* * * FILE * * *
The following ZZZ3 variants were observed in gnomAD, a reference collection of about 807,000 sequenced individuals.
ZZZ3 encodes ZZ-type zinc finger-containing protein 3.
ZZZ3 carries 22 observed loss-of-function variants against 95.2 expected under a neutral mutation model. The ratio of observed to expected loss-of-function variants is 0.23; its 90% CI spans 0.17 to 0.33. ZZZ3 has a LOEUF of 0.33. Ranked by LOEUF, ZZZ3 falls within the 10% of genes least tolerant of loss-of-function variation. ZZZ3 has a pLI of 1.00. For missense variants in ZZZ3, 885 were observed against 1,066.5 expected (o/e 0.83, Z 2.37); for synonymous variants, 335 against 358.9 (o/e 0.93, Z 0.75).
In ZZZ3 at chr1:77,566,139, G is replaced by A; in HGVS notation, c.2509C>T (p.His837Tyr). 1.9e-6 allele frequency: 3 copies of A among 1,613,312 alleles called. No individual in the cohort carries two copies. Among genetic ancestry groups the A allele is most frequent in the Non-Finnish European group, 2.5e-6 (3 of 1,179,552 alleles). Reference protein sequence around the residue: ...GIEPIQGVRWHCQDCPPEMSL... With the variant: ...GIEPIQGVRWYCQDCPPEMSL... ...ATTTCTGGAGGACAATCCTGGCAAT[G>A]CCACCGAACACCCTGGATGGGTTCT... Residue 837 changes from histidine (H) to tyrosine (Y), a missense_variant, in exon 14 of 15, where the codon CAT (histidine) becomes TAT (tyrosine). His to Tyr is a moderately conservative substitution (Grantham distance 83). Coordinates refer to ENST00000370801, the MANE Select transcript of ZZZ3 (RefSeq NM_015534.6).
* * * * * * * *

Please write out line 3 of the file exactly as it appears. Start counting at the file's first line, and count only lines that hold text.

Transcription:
ZZZ3 carries 22 observed loss-of-function variants against 95.2 expected under a neutral mutation model. The ratio of observed to expected loss-of-function variants is 0.23; its 90% CI spans 0.17 to 0.33. ZZZ3 has a LOEUF of 0.33. Ranked by LOEUF, ZZZ3 falls within the 10% of genes least tolerant of loss-of-function variation. ZZZ3 has a pLI of 1.00. For missense variants in ZZZ3, 885 were observed against 1,066.5 expected (o/e 0.83, Z 2.37); for synonymous variants, 335 against 358.9 (o/e 0.93, Z 0.75).